So, David Cameron wants us all to get into the Big Society. Excited? No, me neither. It's hard not to view this as just another political buzzword, urging communities to link arms in blissful harmony to solve all of Britain's many problems. But maybe the Prime Minister should take a leaf out of the LittleBigPlanet rulebook. The acclaimed series, created by the Sony-owned Media Molecule, not only offered a truly distinctive flavour of platform gaming when it was released in 2007, but it also fostered a fan community resulting in millions of user-generated levels of all shapes, sizes and descriptions. Since LittleBigPlanet 2 came along this January, the community has grown and developed, making use of more social features and fan hubs. But just like our dear Mr Cameron is finding out at the moment, creating a harmonious big society is fraught with difficulties, as James Fairbairn, the server technology lead at Media Molecule, explains.
LittleBigPlanet, which was the first title Fairbairn worked on after he entered the industry, came along at a very early stage for user-generated content (UGC) in games development, but also a relatively early time for social networks. MySpace had become popular in the US a year earlier, but Facebook and Twitter were yet to really gather pace. Fairbairn said that Media Molecule was "inspired" by the possibilities of these nascent social media networks, along with sites such as Flickr, YouTube, deviantART, Livejournal and knitting community Ravelry, as they were online communities "where people were expressing themselves in a way that was unique to that site".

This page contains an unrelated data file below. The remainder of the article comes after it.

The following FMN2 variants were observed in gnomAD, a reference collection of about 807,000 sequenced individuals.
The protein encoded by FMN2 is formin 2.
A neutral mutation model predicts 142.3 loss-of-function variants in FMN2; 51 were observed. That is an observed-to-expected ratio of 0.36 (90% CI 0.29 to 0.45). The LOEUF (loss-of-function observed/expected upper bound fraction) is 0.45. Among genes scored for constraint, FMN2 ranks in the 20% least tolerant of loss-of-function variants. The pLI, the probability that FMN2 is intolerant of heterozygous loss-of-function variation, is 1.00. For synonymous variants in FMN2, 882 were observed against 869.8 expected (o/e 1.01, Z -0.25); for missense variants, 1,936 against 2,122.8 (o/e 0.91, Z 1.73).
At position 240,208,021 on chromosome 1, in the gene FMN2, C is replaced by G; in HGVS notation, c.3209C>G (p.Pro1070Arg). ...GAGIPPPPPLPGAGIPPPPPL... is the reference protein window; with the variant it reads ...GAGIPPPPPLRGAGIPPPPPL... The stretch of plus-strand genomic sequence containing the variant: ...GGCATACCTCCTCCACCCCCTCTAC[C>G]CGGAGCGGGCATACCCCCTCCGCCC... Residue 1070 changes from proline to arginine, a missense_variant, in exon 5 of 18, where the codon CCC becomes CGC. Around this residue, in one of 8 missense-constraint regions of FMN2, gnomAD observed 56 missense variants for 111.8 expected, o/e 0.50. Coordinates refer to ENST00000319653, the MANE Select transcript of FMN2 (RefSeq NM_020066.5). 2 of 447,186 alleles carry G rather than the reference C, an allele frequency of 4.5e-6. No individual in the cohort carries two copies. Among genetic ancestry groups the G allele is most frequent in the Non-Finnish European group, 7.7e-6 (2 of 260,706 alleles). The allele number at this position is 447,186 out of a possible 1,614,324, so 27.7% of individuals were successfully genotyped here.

The first LittleBigPlanet enabled players to become Sackboy, a little knitted character attempting to navigate his way through a galaxy of tiny yet perilous planets, with a little help from narrator Stephen Fry. The game's presentation was striking, mixing a homemade feel with cutting-edge animation, lighting and shadows - but possibly the biggest draw for players was the chance to create, share and discover levels dreamt up by the community itself. Before long, players were crafting levels beyond even Media Molecule's wildest expectations.
"The community became aware of the design possibilities faster than we did, because they were playing the game all the time," Fairbairn told attendees at this year's Develop conference in Brighton. "They made stuff that was just completely off our radar. People would make music levels, and gallery levels, and they would try and make side-scrolling shooters. [Media Molecule co-founder] Mark Healey said before we shipped that if someone made an FPS (first-person shooter) that would mean we had won, but we never really expected that. People managed to create some amazing things and it just blew us away. We realised that looking after this amazing community was a full-time job, and we needed to create a team."